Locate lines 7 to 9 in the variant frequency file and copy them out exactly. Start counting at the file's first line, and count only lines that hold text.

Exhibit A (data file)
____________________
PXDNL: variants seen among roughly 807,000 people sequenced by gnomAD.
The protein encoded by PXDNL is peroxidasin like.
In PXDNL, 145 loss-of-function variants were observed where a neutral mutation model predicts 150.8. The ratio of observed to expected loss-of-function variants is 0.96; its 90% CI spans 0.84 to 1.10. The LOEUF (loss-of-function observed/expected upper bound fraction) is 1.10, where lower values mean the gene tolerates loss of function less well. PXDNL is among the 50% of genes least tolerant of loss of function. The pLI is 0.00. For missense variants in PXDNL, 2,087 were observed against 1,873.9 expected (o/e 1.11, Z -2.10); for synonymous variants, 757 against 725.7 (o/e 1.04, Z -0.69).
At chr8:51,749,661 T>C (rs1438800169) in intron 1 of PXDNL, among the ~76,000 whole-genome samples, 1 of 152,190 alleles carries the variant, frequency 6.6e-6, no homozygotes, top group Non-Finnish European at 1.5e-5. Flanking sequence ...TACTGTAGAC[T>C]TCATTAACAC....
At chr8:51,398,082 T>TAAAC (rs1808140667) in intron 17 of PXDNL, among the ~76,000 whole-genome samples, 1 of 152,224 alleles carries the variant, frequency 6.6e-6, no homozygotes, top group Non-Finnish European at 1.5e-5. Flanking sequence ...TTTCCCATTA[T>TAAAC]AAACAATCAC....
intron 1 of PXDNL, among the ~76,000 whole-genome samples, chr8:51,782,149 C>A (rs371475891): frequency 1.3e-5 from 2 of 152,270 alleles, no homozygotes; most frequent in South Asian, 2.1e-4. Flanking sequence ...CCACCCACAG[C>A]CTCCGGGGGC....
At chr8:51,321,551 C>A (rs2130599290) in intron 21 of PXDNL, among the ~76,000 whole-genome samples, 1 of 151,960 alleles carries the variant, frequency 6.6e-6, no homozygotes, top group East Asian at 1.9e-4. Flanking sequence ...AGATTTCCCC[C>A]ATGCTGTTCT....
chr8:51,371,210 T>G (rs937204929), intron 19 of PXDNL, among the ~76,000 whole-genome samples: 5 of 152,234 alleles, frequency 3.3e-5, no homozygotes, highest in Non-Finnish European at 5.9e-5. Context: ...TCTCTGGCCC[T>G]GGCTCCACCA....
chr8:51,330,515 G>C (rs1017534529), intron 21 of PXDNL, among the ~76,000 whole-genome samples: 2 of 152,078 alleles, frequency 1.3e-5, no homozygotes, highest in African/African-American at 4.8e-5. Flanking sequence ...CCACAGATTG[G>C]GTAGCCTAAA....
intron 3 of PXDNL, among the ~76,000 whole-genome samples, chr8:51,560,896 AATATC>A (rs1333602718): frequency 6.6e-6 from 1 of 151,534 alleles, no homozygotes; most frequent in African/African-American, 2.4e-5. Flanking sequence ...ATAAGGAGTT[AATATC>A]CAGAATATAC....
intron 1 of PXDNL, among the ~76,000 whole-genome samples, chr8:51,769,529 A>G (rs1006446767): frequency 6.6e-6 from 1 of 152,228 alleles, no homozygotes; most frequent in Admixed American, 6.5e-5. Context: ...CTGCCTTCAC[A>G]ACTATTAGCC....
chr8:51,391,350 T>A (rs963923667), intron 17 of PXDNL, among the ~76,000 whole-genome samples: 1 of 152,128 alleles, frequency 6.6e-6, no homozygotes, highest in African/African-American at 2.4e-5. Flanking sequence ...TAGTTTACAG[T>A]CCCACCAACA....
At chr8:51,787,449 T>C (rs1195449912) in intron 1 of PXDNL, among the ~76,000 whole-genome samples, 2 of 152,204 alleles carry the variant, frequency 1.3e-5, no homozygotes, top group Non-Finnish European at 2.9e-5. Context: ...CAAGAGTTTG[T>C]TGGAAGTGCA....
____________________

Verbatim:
At chr8:51,321,551 C>A (rs2130599290) in intron 21 of PXDNL, among the ~76,000 whole-genome samples, 1 of 151,960 alleles carries the variant, frequency 6.6e-6, no homozygotes, top group East Asian at 1.9e-4. Flanking sequence ...AGATTTCCCC[C>A]ATGCTGTTCT....
chr8:51,371,210 T>G (rs937204929), intron 19 of PXDNL, among the ~76,000 whole-genome samples: 5 of 152,234 alleles, frequency 3.3e-5, no homozygotes, highest in Non-Finnish European at 5.9e-5. Context: ...TCTCTGGCCC[T>G]GGCTCCACCA....
chr8:51,330,515 G>C (rs1017534529), intron 21 of PXDNL, among the ~76,000 whole-genome samples: 2 of 152,078 alleles, frequency 1.3e-5, no homozygotes, highest in African/African-American at 4.8e-5. Flanking sequence ...CCACAGATTG[G>C]GTAGCCTAAA....